The key elements of this effective sales & management process are shown as follows:

Targeting, goal setting & action planning

Opportunity management



T.O.A.D. Territory Opportunity Action-planning Discussion

Targeting is a critically important sales practice - the difference between reactive selling (demand fulfillment) and strategic, proactive selling (demand creation). It is the process of selecting high potential accounts, creating tangible penetration plans for each, and translating their potential into achievable, numeric objectives. Targeting becomes an important driver for call planning and time management, as sales reps shift their focus to improving share of customer spend. In today's competitive market, sales personnel must learn about their customers' needs, how they make money, their pain and be able to provide real business value through consultative activities even if the solution is not related to the sale of their products..

Pipeline/Opportunity management refers to a structured process for identifying and acting on high potential, high probability sales opportunities. This activity is critical for visibility of potential future sales trends and encourages team selling and the engagement of the appropriate company resources to support growth in market share. It also eliminates the need for weekly or monthly call reports which are often fictional diatribes that could qualify the sales rep for a Pulitzer Prize nomination in journalism.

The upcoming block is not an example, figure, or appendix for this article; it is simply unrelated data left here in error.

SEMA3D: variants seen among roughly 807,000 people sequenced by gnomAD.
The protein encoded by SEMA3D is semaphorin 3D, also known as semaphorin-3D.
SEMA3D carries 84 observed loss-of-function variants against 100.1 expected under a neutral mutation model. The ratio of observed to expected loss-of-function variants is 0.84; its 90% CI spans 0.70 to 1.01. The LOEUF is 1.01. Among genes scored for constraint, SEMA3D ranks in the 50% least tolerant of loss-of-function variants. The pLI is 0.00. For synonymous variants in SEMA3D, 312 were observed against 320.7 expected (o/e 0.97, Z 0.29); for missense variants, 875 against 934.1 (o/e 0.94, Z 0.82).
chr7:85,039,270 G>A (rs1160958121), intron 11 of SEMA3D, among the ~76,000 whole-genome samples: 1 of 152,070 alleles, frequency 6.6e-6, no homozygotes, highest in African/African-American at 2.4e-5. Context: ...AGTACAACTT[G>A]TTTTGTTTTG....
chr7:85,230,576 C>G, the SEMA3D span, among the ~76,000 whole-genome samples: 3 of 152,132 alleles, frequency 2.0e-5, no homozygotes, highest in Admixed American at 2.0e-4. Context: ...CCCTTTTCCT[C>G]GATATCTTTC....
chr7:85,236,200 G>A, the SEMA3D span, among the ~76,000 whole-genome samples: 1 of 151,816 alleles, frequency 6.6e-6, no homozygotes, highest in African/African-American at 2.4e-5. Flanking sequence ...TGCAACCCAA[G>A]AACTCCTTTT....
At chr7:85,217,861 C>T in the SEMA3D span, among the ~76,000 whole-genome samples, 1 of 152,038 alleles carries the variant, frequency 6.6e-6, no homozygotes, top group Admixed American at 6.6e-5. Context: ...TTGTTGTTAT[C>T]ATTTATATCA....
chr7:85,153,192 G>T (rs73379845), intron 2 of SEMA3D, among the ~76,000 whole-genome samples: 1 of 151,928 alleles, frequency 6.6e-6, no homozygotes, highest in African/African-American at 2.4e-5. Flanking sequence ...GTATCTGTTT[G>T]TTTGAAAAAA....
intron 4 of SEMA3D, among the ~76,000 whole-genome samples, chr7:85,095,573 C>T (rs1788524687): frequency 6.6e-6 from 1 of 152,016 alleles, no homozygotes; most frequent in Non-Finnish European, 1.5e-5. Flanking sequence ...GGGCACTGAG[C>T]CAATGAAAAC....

An individual sales scorecard for each sales person supports accountability and alignment with the company's strategic objectives. It is a diagnostic tool and a motivator. It should include both results measurements (e.g. gross profit growth) and supporting activity measurements (e.g. targeting activities, program compliance, opportunity successes). .

The toolkit is simply a library of best practice guidelines, reference material and other resources that anyone in the enterprise can peruse at his own convenience. The contents could include case studies, selling tips, call budgeting and planning tools, account penetration strategy guidelines, etc.